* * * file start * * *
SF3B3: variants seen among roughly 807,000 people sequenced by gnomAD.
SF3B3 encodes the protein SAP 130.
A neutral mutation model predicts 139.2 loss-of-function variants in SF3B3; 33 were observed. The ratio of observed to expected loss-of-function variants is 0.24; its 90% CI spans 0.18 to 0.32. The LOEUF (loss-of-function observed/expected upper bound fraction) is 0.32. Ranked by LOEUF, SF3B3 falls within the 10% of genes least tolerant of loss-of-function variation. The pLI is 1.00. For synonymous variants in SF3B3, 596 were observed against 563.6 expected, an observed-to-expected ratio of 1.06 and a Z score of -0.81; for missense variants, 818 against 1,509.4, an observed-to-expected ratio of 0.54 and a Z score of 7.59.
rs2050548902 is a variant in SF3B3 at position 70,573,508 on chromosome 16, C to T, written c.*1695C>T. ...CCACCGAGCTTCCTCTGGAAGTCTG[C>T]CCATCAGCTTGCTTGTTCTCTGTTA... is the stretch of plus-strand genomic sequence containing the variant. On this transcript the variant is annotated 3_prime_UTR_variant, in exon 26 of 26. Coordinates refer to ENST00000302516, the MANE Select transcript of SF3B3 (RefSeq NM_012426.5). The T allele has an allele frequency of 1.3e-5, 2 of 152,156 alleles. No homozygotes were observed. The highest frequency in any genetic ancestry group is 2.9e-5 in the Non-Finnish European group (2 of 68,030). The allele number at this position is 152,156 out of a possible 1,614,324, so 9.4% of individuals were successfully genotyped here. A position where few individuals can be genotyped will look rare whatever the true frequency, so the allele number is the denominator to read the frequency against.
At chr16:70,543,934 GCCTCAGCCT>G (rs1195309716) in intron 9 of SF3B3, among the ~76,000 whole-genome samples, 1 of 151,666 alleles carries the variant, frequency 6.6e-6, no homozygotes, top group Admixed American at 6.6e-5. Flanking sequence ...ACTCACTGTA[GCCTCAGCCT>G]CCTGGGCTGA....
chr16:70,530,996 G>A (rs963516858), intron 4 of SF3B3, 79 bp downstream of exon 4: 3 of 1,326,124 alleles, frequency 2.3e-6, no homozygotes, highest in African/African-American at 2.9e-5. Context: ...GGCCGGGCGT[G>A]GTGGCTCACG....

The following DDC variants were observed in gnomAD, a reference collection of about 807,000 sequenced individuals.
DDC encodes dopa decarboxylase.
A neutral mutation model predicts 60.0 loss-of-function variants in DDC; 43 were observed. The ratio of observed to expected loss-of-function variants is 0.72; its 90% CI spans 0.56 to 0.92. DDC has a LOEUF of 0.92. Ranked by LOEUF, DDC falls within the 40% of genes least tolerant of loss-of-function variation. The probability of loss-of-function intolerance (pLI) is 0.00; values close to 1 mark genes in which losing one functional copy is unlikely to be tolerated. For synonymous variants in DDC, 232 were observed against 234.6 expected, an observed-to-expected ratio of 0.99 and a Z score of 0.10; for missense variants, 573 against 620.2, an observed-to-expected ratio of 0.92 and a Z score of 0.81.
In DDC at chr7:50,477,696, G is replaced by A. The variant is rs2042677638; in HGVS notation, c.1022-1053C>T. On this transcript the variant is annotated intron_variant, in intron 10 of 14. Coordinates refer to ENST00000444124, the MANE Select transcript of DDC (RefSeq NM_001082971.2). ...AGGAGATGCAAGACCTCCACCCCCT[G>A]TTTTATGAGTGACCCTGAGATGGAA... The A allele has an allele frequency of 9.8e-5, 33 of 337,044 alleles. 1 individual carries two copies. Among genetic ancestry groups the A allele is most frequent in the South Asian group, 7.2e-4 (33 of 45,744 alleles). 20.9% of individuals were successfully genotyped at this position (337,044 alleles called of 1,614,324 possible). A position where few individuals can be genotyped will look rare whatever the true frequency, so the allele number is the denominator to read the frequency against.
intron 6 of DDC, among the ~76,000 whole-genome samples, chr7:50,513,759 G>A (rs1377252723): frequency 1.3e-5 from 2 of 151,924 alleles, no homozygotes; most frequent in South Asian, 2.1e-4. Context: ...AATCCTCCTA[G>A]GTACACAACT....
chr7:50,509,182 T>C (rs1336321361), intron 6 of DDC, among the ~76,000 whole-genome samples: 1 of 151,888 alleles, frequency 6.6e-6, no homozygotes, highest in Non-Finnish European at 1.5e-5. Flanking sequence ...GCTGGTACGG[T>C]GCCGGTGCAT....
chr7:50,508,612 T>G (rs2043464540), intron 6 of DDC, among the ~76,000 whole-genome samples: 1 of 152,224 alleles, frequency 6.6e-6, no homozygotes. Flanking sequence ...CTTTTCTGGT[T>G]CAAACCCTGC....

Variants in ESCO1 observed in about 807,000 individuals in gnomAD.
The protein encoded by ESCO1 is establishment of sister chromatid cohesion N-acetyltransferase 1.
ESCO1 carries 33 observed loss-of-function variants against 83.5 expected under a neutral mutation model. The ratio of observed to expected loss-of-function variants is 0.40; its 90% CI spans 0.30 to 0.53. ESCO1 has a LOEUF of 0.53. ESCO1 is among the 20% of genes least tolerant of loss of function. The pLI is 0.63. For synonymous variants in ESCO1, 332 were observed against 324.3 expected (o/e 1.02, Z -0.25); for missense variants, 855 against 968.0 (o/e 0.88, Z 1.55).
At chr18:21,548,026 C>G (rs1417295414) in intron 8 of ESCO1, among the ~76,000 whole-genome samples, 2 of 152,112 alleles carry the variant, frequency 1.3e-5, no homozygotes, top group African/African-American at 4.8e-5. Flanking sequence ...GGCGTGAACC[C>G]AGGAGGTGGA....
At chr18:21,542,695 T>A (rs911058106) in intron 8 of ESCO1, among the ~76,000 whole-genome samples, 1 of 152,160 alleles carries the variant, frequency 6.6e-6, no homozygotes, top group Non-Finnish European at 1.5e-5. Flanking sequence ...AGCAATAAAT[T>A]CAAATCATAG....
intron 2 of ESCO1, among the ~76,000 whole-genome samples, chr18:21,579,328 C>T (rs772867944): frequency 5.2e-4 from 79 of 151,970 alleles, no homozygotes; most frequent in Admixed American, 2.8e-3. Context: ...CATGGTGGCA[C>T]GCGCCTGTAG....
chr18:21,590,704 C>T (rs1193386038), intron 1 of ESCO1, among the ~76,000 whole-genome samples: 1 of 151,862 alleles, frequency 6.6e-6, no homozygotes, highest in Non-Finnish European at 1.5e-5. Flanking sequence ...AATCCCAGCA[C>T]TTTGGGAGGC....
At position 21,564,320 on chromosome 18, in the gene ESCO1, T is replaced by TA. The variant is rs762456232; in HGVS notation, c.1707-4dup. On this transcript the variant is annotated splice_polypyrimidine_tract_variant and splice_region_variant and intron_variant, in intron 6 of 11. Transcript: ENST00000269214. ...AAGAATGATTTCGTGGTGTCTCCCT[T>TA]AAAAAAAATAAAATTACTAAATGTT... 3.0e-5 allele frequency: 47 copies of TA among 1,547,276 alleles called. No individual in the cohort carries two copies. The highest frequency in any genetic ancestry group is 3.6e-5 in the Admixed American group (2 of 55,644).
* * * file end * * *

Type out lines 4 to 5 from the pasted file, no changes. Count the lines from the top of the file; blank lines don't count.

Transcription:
rs2050548902 is a variant in SF3B3 at position 70,573,508 on chromosome 16, C to T, written c.*1695C>T. ...CCACCGAGCTTCCTCTGGAAGTCTG[C>T]CCATCAGCTTGCTTGTTCTCTGTTA... is the stretch of plus-strand genomic sequence containing the variant. On this transcript the variant is annotated 3_prime_UTR_variant, in exon 26 of 26. Coordinates refer to ENST00000302516, the MANE Select transcript of SF3B3 (RefSeq NM_012426.5). The T allele has an allele frequency of 1.3e-5, 2 of 152,156 alleles. No homozygotes were observed. The highest frequency in any genetic ancestry group is 2.9e-5 in the Non-Finnish European group (2 of 68,030). The allele number at this position is 152,156 out of a possible 1,614,324, so 9.4% of individuals were successfully genotyped here. A position where few individuals can be genotyped will look rare whatever the true frequency, so the allele number is the denominator to read the frequency against.
At chr16:70,543,934 GCCTCAGCCT>G (rs1195309716) in intron 9 of SF3B3, among the ~76,000 whole-genome samples, 1 of 151,666 alleles carries the variant, frequency 6.6e-6, no homozygotes, top group Admixed American at 6.6e-5. Flanking sequence ...ACTCACTGTA[GCCTCAGCCT>G]CCTGGGCTGA....